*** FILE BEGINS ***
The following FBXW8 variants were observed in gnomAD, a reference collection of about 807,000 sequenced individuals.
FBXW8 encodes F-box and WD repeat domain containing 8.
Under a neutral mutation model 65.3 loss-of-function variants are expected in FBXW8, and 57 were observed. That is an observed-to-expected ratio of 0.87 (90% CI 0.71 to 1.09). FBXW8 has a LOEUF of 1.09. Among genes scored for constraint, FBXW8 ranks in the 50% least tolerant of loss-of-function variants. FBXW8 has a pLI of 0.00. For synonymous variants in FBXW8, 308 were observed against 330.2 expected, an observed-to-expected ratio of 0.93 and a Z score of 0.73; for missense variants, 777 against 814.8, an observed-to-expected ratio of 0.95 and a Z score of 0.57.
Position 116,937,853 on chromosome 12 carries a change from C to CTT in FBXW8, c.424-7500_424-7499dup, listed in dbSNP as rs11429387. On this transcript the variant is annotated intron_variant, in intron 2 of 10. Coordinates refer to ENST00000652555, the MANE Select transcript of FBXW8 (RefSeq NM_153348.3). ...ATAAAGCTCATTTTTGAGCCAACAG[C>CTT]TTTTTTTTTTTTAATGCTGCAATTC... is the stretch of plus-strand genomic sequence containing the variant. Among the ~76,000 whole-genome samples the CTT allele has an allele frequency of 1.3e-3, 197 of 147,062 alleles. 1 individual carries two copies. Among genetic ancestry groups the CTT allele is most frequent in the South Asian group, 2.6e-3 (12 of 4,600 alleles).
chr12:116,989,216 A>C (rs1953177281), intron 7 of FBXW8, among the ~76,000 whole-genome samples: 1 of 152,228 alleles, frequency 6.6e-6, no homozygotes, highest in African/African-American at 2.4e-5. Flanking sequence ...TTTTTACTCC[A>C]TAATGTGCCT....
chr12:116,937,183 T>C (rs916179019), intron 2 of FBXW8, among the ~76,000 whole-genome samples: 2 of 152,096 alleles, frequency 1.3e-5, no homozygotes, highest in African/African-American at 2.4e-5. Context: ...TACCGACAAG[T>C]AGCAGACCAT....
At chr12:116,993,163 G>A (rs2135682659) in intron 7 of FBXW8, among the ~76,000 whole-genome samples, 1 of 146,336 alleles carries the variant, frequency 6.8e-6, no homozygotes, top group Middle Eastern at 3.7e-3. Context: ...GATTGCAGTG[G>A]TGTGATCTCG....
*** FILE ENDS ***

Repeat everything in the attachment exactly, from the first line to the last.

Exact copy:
The following FBXW8 variants were observed in gnomAD, a reference collection of about 807,000 sequenced individuals.
FBXW8 encodes F-box and WD repeat domain containing 8.
Under a neutral mutation model 65.3 loss-of-function variants are expected in FBXW8, and 57 were observed. That is an observed-to-expected ratio of 0.87 (90% CI 0.71 to 1.09). FBXW8 has a LOEUF of 1.09. Among genes scored for constraint, FBXW8 ranks in the 50% least tolerant of loss-of-function variants. FBXW8 has a pLI of 0.00. For synonymous variants in FBXW8, 308 were observed against 330.2 expected, an observed-to-expected ratio of 0.93 and a Z score of 0.73; for missense variants, 777 against 814.8, an observed-to-expected ratio of 0.95 and a Z score of 0.57.
Position 116,937,853 on chromosome 12 carries a change from C to CTT in FBXW8, c.424-7500_424-7499dup, listed in dbSNP as rs11429387. On this transcript the variant is annotated intron_variant, in intron 2 of 10. Coordinates refer to ENST00000652555, the MANE Select transcript of FBXW8 (RefSeq NM_153348.3). ...ATAAAGCTCATTTTTGAGCCAACAG[C>CTT]TTTTTTTTTTTTAATGCTGCAATTC... is the stretch of plus-strand genomic sequence containing the variant. Among the ~76,000 whole-genome samples the CTT allele has an allele frequency of 1.3e-3, 197 of 147,062 alleles. 1 individual carries two copies. Among genetic ancestry groups the CTT allele is most frequent in the South Asian group, 2.6e-3 (12 of 4,600 alleles).
chr12:116,989,216 A>C (rs1953177281), intron 7 of FBXW8, among the ~76,000 whole-genome samples: 1 of 152,228 alleles, frequency 6.6e-6, no homozygotes, highest in African/African-American at 2.4e-5. Flanking sequence ...TTTTTACTCC[A>C]TAATGTGCCT....
chr12:116,937,183 T>C (rs916179019), intron 2 of FBXW8, among the ~76,000 whole-genome samples: 2 of 152,096 alleles, frequency 1.3e-5, no homozygotes, highest in African/African-American at 2.4e-5. Context: ...TACCGACAAG[T>C]AGCAGACCAT....
At chr12:116,993,163 G>A (rs2135682659) in intron 7 of FBXW8, among the ~76,000 whole-genome samples, 1 of 146,336 alleles carries the variant, frequency 6.8e-6, no homozygotes, top group Middle Eastern at 3.7e-3. Context: ...GATTGCAGTG[G>A]TGTGATCTCG....